Further, Jones (2017) notes that traditional educational forces “smother educational imagination” (p. 1). The scientist also admits that the banking system of education “simply ‘fill’ students with information, rather than encouraging them to be independent, creative, and individualized learners” (Jones, 2017, p. 1). Shih (2018) adds that the traditional method excludes the possibility of interaction, saying that Freire’s approach is seeing education as a practice of freedom, where through the dialogue, learners and educators raise their awareness. Bybee (2020) notes that teachers need to be more humane and avoid the teacher-centered approach through freedom from oppression and liberation from the ‘banking system’ education. The scientist emphasizes that the dehumanization of traditional education oppresses both students and educators.
Veugelers (2017) says that a focus on social justice becomes part of traditional learning. The scientist notes that humanized moral education will empower connections of education with society. Noteworthy, Chambers (2019) states that the non-traditional education offered by Freire justifiably contains an element of a directive that characterizes dialogues between teachers and students. Kohan (2018) adds that the traditional approach, which can be replaced by the more current Lipmann and Freire approaches, is out of place in primary school children’s education and criticizes the de facto status quo in Latin American education.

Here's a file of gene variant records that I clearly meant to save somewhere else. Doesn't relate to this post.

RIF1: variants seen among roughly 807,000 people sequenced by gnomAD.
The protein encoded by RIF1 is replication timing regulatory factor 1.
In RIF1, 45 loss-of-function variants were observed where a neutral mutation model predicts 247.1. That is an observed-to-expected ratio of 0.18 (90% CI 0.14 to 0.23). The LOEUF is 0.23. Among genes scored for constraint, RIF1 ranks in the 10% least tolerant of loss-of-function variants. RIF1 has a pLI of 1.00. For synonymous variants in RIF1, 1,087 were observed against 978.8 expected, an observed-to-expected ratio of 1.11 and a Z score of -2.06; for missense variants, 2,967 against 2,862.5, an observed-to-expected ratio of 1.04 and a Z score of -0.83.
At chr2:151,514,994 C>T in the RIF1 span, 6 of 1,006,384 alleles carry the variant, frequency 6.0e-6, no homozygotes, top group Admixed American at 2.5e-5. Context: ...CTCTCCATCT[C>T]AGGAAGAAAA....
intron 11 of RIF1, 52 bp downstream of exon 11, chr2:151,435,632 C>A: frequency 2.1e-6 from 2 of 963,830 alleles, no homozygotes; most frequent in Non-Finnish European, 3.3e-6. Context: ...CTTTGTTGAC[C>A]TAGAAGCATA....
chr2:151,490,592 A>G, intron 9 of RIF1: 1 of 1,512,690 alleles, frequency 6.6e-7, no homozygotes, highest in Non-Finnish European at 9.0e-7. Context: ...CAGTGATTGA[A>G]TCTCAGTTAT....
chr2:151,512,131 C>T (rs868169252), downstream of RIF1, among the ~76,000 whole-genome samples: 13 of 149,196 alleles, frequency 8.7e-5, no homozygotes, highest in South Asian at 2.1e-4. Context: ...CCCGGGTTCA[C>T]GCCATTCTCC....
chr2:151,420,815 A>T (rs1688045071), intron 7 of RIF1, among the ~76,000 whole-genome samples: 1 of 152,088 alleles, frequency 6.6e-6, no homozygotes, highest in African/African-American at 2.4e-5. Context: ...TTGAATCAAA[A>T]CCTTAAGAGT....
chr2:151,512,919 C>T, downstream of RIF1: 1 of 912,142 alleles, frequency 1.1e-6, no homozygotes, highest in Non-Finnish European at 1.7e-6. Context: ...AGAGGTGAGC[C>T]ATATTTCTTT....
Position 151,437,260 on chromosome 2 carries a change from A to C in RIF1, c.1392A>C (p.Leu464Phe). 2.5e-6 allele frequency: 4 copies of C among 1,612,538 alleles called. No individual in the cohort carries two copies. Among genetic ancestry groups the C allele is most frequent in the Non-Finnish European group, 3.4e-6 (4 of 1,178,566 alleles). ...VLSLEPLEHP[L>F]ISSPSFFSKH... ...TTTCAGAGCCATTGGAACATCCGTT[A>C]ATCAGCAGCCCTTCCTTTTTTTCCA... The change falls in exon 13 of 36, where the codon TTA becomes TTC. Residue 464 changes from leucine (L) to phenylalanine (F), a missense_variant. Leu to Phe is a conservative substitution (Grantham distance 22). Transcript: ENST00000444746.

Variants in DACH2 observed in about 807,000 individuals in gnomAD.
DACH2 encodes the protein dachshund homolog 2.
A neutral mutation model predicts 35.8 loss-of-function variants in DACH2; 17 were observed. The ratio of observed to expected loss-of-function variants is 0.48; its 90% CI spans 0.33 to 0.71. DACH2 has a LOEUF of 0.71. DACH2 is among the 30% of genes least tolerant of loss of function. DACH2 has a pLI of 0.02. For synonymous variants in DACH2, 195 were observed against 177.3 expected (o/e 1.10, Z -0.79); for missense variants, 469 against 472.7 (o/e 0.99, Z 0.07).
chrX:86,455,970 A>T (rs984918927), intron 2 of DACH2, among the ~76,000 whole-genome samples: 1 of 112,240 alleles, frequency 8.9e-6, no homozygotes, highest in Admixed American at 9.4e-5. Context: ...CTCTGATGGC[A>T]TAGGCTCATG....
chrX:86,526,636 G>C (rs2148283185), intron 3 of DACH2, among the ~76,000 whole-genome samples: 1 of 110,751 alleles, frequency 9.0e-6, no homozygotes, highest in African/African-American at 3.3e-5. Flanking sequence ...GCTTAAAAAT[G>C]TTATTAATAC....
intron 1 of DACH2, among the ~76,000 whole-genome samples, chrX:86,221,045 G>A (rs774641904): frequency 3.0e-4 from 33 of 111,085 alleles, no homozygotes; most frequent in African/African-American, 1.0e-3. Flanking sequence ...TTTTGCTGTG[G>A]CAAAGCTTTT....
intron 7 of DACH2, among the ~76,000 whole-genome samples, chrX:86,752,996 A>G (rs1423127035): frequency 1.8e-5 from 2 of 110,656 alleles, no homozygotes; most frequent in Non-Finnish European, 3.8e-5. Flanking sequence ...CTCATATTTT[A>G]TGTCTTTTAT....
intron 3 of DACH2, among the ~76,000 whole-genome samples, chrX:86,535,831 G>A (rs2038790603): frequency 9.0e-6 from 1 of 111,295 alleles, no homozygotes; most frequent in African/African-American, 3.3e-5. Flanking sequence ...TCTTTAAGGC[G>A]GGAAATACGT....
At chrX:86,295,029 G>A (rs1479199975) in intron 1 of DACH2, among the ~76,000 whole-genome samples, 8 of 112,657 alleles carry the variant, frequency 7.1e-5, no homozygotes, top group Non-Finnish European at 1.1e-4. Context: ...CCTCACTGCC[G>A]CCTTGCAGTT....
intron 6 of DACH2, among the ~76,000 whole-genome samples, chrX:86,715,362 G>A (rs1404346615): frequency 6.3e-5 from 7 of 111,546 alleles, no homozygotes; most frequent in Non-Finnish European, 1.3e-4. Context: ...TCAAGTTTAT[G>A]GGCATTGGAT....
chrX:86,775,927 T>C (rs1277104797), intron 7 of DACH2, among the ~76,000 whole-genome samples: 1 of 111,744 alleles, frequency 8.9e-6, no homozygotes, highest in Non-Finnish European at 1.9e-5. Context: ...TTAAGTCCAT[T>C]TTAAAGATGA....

Firdaus and Mariyat (2017) emphasize that modern education is losing humanity, as the primary teaching approach is teacher-centered education. Therefore, the goal of the humanistic approach is to direct education towards self-actualization, self-understanding, and self-realization of students who will be critical and act following universal values. Matsuyama et al. (2019) add that teacher-oriented learning discourages students from self-directed learning. The transition to student-oriented education will allow students to be more motivated, self-identify in the process better, and adopt new learning strategies. Interestingly, Moosivand et al. (2020) find positives about personal, teacher-oriented methods versus virtual learning. According to the study, teacher-oriented education was associated with better academic grades and social cohesion than distance learning. Lojdová (2019) noted a contradiction inherent in the educational system. The learner-oriented approach is used in internship practice, while in teaching practice, educators use a teacher-oriented method.
According to a study by Mpho (2018), even though most participants are committed to an inclusive education system, the results showed that a teacher-oriented approach was used in most cases. An and Mindrila (2020) also recognize the benefits of learner-centered education, noting that “it can be a challenging task to implement learner-centered education in the current education system which was designed for sorting rather than learning” (p. 133). Scientists provide an extensive list of effective student-centered practices. Finally, Kaymakamoglu (2018) says that although teachers and participants in the study spoke of a commitment to a constructivist educational approach, in practice, they predominantly applied the traditional method.
Thus, the literature review describing the disadvantages and negative implications of traditional education methods was presented. Formal teacher-centered education is usually criticized for reducing students’ motivation and bringing self-identification difficulties in the learning process. The banking method is another name for conventional education that is widely used by Paulo Freire’s followers. Freire offered an alternative, problem-posing learning based on a constructive dialogue between learner and educator. Scientists also cite the approaches of John Dewey, Levinas, Lipmann, and the Ubuntu philosophy as an effective option to the traditional teaching method.